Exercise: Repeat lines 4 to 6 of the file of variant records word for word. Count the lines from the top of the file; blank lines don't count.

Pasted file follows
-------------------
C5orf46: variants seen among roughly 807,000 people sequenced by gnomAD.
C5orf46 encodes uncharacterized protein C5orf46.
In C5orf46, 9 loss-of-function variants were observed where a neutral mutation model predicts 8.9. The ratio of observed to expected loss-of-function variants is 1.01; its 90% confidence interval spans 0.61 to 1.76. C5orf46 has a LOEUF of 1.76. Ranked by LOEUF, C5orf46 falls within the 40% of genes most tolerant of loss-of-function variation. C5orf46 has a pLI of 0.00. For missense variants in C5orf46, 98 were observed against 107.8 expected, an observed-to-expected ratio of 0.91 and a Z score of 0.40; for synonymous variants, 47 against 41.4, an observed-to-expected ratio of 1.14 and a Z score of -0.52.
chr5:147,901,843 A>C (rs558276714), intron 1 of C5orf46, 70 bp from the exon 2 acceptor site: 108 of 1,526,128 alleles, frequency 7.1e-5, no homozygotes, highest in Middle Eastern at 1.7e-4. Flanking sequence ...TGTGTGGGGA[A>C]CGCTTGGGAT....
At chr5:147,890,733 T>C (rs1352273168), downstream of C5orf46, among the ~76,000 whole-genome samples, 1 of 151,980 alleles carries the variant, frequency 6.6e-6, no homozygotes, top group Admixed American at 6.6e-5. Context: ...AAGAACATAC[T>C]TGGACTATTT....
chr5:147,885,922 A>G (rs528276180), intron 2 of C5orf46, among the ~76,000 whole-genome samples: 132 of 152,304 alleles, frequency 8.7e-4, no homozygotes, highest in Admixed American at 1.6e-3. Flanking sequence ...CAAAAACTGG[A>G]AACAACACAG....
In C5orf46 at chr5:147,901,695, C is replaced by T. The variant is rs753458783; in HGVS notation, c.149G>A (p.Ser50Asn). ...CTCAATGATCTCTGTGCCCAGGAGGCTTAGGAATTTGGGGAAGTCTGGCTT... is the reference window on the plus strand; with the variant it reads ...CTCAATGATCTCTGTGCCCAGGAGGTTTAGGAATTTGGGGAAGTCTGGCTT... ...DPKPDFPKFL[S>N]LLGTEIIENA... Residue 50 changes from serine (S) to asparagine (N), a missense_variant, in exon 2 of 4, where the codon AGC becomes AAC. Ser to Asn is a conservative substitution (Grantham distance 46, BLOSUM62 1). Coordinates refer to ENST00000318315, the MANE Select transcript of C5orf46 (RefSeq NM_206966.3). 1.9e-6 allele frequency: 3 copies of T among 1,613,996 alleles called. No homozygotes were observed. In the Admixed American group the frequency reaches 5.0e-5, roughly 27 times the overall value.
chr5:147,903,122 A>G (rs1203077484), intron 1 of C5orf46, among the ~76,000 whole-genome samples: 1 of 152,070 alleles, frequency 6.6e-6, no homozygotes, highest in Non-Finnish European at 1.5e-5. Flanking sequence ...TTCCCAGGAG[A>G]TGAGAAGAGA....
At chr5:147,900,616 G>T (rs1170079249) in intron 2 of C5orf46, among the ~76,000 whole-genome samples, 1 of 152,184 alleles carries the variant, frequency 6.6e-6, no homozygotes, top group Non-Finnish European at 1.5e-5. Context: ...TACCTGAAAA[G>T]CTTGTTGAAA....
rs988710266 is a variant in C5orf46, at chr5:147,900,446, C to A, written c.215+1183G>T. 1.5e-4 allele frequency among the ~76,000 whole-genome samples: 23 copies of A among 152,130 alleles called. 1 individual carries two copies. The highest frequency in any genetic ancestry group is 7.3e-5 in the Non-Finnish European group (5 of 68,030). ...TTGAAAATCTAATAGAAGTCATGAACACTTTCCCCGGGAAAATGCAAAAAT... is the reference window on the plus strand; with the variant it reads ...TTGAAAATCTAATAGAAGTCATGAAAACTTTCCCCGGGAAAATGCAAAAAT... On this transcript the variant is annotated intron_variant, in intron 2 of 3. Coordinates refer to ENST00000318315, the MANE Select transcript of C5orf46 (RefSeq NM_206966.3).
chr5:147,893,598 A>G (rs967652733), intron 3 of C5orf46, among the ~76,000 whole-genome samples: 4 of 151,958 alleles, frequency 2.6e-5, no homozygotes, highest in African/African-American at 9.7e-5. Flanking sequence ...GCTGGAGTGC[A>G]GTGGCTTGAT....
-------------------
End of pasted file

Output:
chr5:147,901,843 A>C (rs558276714), intron 1 of C5orf46, 70 bp from the exon 2 acceptor site: 108 of 1,526,128 alleles, frequency 7.1e-5, no homozygotes, highest in Middle Eastern at 1.7e-4. Flanking sequence ...TGTGTGGGGA[A>C]CGCTTGGGAT....
At chr5:147,890,733 T>C (rs1352273168), downstream of C5orf46, among the ~76,000 whole-genome samples, 1 of 151,980 alleles carries the variant, frequency 6.6e-6, no homozygotes, top group Admixed American at 6.6e-5. Context: ...AAGAACATAC[T>C]TGGACTATTT....
chr5:147,885,922 A>G (rs528276180), intron 2 of C5orf46, among the ~76,000 whole-genome samples: 132 of 152,304 alleles, frequency 8.7e-4, no homozygotes, highest in Admixed American at 1.6e-3. Flanking sequence ...CAAAAACTGG[A>G]AACAACACAG....